Top 3 Libraries at UC Berkeley

By Sean Kenney on February 7, 2021

Although many students may like to study at their favorite coffee house or restaurant, there are some advantages to making use of the study areas in the 36 listed libraries across the UC Berkeley campus (Some listed are not actual libraries and some libraries are not listed). Often it is easier to find a place to plug in your laptop so you don’t run out of juice in the middle of a major project. The libraries also present fewer distractions and a quieter ambiance than many coffee houses and restaurants. Also, why not take advantage of the spaces provided on such a beautiful campus while you are still here. I realize that at this unprecedented time in history all the libraries are closed, but when they do reopen, they are a great space to study. Albeit I have not been to them all so if you have comments or suggestions on a library, feel free to add them in the comments section. Here are my top three UC Berkeley libraries to study at in order.

1. Kresge Engineering Library

I was told about the Engineering Library by a friend who went to Cal over a decade before me. Yet his advice stood the test of time. I often had trouble finding any available desks or spaces to study at Moffitt Library, as it seems to be the most popular of the libraries at UC Berkeley. The Engineering Library almost always has a space to sit down on the upper-tier around the edges. It also has desks and some couches on the lower tier straight ahead when you walk in the entrance. Most desks or work areas have multiple plug-ins for laptops which is very useful. It is located close to the Lower Hearst Parking structure and other reasonable parking behind Hearst Avenue, as well as some great places to get food on Euclid Avenue if you need a break. Also, it is located right next to Memorial Glade, which is a favorite place for activities and resting.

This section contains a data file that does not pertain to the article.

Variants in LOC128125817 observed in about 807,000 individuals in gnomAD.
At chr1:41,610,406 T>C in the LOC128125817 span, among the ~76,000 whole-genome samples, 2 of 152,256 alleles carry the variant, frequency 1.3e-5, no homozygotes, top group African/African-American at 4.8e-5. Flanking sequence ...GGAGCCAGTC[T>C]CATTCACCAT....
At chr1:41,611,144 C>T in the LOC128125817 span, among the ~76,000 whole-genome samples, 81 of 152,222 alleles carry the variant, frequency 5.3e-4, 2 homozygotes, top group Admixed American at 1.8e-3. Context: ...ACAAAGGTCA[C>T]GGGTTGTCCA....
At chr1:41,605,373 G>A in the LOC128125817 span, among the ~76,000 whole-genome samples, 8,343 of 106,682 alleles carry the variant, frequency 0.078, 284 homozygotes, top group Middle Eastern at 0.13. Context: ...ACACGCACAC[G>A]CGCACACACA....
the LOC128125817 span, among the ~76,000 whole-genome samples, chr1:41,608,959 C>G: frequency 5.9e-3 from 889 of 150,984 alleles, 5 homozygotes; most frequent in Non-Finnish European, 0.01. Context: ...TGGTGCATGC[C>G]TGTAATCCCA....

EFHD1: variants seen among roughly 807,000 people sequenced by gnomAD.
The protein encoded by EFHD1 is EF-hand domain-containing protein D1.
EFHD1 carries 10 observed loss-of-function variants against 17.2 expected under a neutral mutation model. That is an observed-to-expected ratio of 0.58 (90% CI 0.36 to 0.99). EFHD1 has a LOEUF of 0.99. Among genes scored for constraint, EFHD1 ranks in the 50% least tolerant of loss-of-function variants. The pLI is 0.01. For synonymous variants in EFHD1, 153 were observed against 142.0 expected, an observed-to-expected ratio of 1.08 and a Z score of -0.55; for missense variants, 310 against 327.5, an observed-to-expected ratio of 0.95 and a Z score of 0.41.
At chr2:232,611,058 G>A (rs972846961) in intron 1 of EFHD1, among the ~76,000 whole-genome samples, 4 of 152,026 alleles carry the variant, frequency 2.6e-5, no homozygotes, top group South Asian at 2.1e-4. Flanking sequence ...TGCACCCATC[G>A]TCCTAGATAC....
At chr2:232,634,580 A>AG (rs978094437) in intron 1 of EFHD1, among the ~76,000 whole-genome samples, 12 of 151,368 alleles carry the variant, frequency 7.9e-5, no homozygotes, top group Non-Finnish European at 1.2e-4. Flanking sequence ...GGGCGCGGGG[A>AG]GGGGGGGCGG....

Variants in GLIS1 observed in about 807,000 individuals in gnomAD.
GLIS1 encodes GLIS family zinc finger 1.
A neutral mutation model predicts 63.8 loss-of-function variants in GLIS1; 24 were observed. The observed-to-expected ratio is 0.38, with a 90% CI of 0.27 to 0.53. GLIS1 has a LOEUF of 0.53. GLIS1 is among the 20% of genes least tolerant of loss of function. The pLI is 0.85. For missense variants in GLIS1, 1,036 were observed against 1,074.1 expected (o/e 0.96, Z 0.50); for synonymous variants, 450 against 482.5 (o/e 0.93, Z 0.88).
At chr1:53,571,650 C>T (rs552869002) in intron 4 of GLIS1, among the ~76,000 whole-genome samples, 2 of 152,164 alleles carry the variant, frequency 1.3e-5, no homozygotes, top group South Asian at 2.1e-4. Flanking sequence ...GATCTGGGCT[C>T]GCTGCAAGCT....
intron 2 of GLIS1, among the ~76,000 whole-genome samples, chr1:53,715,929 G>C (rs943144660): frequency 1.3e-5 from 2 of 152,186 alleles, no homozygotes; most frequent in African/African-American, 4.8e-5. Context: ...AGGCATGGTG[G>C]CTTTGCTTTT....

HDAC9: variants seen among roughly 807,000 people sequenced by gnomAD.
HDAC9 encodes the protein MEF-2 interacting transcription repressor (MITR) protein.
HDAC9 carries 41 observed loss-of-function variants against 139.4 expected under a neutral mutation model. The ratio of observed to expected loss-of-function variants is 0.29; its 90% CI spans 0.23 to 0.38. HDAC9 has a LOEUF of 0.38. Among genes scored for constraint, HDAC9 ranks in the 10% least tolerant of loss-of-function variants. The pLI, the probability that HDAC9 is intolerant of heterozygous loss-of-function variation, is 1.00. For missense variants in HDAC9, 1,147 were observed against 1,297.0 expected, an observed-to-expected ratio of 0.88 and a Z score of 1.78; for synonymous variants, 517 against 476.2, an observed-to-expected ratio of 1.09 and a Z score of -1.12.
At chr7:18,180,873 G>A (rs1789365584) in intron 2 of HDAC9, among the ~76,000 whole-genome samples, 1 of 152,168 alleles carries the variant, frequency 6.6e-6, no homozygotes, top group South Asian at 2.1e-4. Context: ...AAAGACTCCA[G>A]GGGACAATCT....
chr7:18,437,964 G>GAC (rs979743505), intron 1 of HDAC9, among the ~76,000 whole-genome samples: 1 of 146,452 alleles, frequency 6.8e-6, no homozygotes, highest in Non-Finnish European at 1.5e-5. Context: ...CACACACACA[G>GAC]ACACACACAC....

There are two major reasons why this is my favorite library. One, it almost always has a place open to study, unlike some other libraries I have spent 10 minutes walking to just to waste my time because there is no availability. Two, and most important to the distinction of it as my number one library to study at, are the hours. It is open until midnight so you can study late instead of heading home early to be distracted at your residence. As a night owl and student who would prefer to study on campus as opposed to home, the Engineering Library’s late hours are a must for me.  Add that it is located near an edge of campus with some parking and food and has bathrooms and water fountains right by the entrance and it makes this library my top pick for libraries to study at on the UC Berkeley campus.

2. C.V. Starr East Asian Library

I was told about the East Asian Library by a classmate in my first semester. It became one of my go-to places to study and write papers. Located not too far down the path on campus from the Engineering Library, it has the same great benefits of being near decent parking, food, and Memorial Glade. In fact, it is a direct shot onto Euclid Avenue if you turn left onto the path directly outside when you exit the main entrance. Spaces to study are easier to find here than some libraries but certain times of day can be crowded. There are individual workstations with overhead lights and power plugs next to some longer desks immediately to the right when you enter. More times than not you will be able to find an open individual workstation, for those like me who enjoy distraction-free studying. The library has multiple levels and other study areas on each level. Be warned that if you go to the lower levels, your Wi-Fi may not work as well or at all.